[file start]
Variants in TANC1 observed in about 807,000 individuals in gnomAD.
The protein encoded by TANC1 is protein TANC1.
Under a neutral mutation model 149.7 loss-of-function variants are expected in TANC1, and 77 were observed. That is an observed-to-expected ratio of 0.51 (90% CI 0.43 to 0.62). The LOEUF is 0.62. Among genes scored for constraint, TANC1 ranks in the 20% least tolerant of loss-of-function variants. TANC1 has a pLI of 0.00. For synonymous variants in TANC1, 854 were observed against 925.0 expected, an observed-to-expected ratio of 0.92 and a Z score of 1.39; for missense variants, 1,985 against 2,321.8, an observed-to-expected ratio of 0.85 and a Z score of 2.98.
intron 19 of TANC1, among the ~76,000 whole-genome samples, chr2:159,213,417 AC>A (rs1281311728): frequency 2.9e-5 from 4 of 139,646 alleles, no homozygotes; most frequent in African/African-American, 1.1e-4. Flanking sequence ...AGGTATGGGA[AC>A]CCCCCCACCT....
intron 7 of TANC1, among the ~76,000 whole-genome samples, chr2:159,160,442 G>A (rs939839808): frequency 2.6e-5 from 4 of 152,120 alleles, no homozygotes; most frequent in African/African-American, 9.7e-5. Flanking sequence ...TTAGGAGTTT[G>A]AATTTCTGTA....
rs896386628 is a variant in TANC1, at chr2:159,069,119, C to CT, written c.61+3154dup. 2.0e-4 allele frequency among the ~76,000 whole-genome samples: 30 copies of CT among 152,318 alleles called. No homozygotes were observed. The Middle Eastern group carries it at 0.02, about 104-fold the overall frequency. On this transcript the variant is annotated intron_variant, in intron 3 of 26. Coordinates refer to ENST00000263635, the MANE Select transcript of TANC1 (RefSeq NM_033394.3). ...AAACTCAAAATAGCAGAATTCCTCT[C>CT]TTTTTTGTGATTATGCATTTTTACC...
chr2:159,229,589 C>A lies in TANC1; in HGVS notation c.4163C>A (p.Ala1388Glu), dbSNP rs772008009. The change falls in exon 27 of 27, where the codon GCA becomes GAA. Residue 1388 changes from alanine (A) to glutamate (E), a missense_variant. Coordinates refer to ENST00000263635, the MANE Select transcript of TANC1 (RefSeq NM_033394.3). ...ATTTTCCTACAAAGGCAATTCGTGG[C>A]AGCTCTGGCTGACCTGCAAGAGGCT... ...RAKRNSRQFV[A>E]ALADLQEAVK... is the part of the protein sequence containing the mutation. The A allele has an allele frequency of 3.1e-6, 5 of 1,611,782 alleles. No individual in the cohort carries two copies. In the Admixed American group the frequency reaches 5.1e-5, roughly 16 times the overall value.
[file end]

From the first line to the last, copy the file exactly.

Variants in TANC1 observed in about 807,000 individuals in gnomAD.
The protein encoded by TANC1 is protein TANC1.
Under a neutral mutation model 149.7 loss-of-function variants are expected in TANC1, and 77 were observed. That is an observed-to-expected ratio of 0.51 (90% CI 0.43 to 0.62). The LOEUF is 0.62. Among genes scored for constraint, TANC1 ranks in the 20% least tolerant of loss-of-function variants. TANC1 has a pLI of 0.00. For synonymous variants in TANC1, 854 were observed against 925.0 expected, an observed-to-expected ratio of 0.92 and a Z score of 1.39; for missense variants, 1,985 against 2,321.8, an observed-to-expected ratio of 0.85 and a Z score of 2.98.
intron 19 of TANC1, among the ~76,000 whole-genome samples, chr2:159,213,417 AC>A (rs1281311728): frequency 2.9e-5 from 4 of 139,646 alleles, no homozygotes; most frequent in African/African-American, 1.1e-4. Flanking sequence ...AGGTATGGGA[AC>A]CCCCCCACCT....
intron 7 of TANC1, among the ~76,000 whole-genome samples, chr2:159,160,442 G>A (rs939839808): frequency 2.6e-5 from 4 of 152,120 alleles, no homozygotes; most frequent in African/African-American, 9.7e-5. Flanking sequence ...TTAGGAGTTT[G>A]AATTTCTGTA....
rs896386628 is a variant in TANC1, at chr2:159,069,119, C to CT, written c.61+3154dup. 2.0e-4 allele frequency among the ~76,000 whole-genome samples: 30 copies of CT among 152,318 alleles called. No homozygotes were observed. The Middle Eastern group carries it at 0.02, about 104-fold the overall frequency. On this transcript the variant is annotated intron_variant, in intron 3 of 26. Coordinates refer to ENST00000263635, the MANE Select transcript of TANC1 (RefSeq NM_033394.3). ...AAACTCAAAATAGCAGAATTCCTCT[C>CT]TTTTTTGTGATTATGCATTTTTACC...
chr2:159,229,589 C>A lies in TANC1; in HGVS notation c.4163C>A (p.Ala1388Glu), dbSNP rs772008009. The change falls in exon 27 of 27, where the codon GCA becomes GAA. Residue 1388 changes from alanine (A) to glutamate (E), a missense_variant. Coordinates refer to ENST00000263635, the MANE Select transcript of TANC1 (RefSeq NM_033394.3). ...ATTTTCCTACAAAGGCAATTCGTGG[C>A]AGCTCTGGCTGACCTGCAAGAGGCT... ...RAKRNSRQFV[A>E]ALADLQEAVK... is the part of the protein sequence containing the mutation. The A allele has an allele frequency of 3.1e-6, 5 of 1,611,782 alleles. No individual in the cohort carries two copies. In the Admixed American group the frequency reaches 5.1e-5, roughly 16 times the overall value.